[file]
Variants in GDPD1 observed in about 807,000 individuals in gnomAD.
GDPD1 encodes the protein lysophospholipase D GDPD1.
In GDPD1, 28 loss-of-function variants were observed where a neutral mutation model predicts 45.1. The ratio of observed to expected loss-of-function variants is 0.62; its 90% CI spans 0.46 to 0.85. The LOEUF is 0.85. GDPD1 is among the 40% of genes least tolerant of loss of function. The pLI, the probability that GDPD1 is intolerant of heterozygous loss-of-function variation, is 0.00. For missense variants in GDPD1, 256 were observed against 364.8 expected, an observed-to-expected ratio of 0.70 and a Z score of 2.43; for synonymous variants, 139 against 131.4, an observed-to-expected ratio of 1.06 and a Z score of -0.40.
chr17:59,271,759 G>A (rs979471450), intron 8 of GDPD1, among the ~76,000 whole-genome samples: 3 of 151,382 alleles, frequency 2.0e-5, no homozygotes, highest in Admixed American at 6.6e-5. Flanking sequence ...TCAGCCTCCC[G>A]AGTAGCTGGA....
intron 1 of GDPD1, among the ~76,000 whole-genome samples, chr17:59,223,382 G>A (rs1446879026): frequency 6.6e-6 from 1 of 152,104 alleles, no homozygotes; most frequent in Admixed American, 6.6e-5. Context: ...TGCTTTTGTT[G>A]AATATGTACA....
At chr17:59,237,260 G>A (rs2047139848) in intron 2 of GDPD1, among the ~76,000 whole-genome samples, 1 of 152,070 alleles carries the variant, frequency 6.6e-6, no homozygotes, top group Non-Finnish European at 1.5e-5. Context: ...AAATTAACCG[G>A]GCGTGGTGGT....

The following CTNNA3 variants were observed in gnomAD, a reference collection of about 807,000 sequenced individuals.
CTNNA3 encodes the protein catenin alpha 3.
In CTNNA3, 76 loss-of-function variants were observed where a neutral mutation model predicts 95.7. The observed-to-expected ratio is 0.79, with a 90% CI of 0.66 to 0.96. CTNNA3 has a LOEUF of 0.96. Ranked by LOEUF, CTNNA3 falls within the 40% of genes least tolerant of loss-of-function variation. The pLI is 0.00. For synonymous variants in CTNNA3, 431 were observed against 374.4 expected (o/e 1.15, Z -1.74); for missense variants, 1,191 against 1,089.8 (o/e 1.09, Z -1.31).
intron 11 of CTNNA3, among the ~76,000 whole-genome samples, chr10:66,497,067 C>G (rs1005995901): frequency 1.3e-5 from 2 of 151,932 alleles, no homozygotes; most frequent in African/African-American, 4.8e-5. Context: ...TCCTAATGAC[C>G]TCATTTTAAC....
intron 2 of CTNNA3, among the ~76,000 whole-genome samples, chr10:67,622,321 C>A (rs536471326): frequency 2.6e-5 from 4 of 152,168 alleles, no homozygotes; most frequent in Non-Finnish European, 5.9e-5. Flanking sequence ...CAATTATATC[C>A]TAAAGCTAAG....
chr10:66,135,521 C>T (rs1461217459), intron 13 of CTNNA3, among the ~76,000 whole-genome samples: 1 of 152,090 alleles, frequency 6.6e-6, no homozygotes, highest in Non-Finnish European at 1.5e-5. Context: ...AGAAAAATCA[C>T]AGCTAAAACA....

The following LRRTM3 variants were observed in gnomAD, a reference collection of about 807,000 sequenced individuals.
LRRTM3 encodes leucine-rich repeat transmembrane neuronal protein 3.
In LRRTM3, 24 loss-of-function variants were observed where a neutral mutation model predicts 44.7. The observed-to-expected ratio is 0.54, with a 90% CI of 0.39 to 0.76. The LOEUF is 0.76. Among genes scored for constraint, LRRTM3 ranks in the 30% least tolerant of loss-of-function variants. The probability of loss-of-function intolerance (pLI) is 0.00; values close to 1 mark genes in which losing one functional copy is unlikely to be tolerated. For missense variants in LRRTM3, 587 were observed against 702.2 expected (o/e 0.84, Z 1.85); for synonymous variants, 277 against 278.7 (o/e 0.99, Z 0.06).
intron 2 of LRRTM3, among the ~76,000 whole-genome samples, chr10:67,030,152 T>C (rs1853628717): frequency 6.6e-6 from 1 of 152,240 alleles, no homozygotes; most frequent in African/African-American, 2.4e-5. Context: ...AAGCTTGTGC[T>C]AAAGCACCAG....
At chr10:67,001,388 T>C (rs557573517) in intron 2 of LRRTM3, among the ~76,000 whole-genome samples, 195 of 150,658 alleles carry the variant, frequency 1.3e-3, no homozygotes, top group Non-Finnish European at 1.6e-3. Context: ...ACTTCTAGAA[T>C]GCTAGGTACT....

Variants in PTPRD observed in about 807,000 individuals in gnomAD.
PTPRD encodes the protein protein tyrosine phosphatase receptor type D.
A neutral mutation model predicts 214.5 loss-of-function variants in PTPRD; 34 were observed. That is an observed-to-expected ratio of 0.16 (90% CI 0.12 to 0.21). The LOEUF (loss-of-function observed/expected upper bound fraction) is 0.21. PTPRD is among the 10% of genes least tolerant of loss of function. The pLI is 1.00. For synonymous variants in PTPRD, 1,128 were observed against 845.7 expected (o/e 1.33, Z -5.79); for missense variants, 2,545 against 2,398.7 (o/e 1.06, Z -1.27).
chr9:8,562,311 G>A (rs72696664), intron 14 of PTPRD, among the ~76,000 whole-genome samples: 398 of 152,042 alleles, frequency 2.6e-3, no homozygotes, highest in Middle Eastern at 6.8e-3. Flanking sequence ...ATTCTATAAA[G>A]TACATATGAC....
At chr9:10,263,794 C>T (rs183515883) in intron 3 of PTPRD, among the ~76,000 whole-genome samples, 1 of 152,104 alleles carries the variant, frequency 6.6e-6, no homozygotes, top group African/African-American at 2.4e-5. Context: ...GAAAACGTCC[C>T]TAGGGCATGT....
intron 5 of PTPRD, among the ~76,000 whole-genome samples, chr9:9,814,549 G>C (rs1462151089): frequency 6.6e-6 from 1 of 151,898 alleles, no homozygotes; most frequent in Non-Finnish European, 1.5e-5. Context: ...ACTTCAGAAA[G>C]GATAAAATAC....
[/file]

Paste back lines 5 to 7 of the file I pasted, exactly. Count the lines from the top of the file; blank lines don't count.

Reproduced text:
intron 1 of GDPD1, among the ~76,000 whole-genome samples, chr17:59,223,382 G>A (rs1446879026): frequency 6.6e-6 from 1 of 152,104 alleles, no homozygotes; most frequent in Admixed American, 6.6e-5. Context: ...TGCTTTTGTT[G>A]AATATGTACA....
At chr17:59,237,260 G>A (rs2047139848) in intron 2 of GDPD1, among the ~76,000 whole-genome samples, 1 of 152,070 alleles carries the variant, frequency 6.6e-6, no homozygotes, top group Non-Finnish European at 1.5e-5. Context: ...AAATTAACCG[G>A]GCGTGGTGGT....

The following CTNNA3 variants were observed in gnomAD, a reference collection of about 807,000 sequenced individuals.